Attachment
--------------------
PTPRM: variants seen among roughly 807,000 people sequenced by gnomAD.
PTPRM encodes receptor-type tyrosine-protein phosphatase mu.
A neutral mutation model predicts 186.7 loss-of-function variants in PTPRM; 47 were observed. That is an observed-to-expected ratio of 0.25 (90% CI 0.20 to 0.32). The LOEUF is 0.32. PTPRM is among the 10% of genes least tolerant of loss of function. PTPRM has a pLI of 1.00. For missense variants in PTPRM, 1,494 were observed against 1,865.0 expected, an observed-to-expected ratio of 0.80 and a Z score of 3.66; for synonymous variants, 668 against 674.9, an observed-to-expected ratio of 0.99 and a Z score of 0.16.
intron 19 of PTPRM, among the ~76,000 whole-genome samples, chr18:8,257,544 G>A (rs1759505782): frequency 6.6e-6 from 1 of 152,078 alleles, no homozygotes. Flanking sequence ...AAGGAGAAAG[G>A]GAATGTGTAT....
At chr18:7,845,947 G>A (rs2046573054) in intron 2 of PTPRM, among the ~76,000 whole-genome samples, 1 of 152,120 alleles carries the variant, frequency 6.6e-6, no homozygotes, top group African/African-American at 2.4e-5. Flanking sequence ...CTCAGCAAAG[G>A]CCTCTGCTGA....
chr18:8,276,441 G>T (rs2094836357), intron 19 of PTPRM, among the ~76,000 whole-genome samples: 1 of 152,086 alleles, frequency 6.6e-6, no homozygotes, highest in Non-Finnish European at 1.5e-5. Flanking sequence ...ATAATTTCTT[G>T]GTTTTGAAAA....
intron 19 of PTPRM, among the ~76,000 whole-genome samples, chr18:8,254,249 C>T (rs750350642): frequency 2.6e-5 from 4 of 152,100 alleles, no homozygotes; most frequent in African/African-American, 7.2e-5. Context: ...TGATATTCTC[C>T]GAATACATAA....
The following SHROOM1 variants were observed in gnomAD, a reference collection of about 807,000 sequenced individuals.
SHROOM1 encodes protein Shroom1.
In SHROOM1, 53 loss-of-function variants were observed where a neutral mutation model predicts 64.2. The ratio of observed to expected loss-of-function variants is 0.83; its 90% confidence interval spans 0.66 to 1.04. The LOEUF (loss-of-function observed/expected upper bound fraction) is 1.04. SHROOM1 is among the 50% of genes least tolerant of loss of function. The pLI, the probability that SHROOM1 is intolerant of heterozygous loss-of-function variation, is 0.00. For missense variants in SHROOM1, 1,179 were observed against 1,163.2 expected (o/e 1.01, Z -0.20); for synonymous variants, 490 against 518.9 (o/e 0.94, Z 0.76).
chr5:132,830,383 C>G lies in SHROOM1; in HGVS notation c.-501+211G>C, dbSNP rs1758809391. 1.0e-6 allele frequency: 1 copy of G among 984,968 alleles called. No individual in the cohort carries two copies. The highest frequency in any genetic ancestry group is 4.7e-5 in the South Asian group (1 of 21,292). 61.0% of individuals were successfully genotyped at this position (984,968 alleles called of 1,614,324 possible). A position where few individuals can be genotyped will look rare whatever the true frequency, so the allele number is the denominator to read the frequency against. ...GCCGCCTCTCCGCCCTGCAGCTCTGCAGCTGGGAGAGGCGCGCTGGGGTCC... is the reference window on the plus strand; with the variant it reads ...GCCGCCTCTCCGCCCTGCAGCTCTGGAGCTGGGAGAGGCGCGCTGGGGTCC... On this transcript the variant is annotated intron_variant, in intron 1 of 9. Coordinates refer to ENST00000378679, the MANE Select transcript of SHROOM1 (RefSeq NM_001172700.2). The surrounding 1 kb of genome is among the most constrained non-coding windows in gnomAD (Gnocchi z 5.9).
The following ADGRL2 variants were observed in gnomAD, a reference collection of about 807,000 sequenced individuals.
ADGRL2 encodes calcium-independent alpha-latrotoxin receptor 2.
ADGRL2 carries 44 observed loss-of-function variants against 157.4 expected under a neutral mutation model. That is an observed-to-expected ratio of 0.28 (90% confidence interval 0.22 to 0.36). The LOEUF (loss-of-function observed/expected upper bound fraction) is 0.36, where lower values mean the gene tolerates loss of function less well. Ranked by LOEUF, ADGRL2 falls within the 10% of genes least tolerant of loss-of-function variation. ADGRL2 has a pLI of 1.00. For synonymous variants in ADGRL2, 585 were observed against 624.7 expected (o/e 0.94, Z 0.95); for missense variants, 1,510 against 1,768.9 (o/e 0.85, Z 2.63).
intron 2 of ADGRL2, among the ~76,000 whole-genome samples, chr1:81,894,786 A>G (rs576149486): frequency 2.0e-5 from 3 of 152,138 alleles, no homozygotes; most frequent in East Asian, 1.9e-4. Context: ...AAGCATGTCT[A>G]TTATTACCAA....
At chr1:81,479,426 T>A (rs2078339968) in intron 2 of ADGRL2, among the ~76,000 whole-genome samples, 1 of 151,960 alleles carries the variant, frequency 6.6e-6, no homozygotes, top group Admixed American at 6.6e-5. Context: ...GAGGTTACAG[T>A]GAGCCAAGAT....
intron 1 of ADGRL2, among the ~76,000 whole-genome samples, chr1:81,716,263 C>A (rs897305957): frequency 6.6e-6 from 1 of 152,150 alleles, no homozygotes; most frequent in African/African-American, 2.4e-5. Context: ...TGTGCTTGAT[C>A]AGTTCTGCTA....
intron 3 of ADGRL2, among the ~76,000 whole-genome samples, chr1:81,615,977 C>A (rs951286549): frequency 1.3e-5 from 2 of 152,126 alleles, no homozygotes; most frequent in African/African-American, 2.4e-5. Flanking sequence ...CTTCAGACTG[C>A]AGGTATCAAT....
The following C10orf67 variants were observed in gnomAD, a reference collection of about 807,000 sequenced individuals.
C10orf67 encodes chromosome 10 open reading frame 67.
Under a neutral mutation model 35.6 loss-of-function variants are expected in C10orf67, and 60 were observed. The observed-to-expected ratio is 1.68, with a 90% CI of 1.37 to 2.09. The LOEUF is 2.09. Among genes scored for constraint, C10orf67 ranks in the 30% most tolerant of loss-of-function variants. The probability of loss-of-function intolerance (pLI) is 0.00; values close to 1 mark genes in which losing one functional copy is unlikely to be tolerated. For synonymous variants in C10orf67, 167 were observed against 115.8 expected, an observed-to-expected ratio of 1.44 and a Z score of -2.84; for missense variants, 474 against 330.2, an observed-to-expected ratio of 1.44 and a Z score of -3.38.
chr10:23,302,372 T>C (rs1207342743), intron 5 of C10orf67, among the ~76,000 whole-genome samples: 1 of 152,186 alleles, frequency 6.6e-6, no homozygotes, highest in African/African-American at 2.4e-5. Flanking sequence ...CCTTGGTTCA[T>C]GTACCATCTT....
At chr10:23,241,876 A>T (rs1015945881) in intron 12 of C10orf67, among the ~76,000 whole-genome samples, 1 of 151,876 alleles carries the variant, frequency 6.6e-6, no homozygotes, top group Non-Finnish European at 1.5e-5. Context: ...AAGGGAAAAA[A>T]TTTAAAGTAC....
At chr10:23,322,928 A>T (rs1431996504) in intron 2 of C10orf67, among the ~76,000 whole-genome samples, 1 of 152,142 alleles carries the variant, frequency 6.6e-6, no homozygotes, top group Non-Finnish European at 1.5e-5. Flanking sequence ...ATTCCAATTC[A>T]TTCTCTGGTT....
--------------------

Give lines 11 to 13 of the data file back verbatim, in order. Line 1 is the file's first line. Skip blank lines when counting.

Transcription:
chr5:132,830,383 C>G lies in SHROOM1; in HGVS notation c.-501+211G>C, dbSNP rs1758809391. 1.0e-6 allele frequency: 1 copy of G among 984,968 alleles called. No individual in the cohort carries two copies. The highest frequency in any genetic ancestry group is 4.7e-5 in the South Asian group (1 of 21,292). 61.0% of individuals were successfully genotyped at this position (984,968 alleles called of 1,614,324 possible). A position where few individuals can be genotyped will look rare whatever the true frequency, so the allele number is the denominator to read the frequency against. ...GCCGCCTCTCCGCCCTGCAGCTCTGCAGCTGGGAGAGGCGCGCTGGGGTCC... is the reference window on the plus strand; with the variant it reads ...GCCGCCTCTCCGCCCTGCAGCTCTGGAGCTGGGAGAGGCGCGCTGGGGTCC... On this transcript the variant is annotated intron_variant, in intron 1 of 9. Coordinates refer to ENST00000378679, the MANE Select transcript of SHROOM1 (RefSeq NM_001172700.2). The surrounding 1 kb of genome is among the most constrained non-coding windows in gnomAD (Gnocchi z 5.9).
The following ADGRL2 variants were observed in gnomAD, a reference collection of about 807,000 sequenced individuals.
ADGRL2 encodes calcium-independent alpha-latrotoxin receptor 2.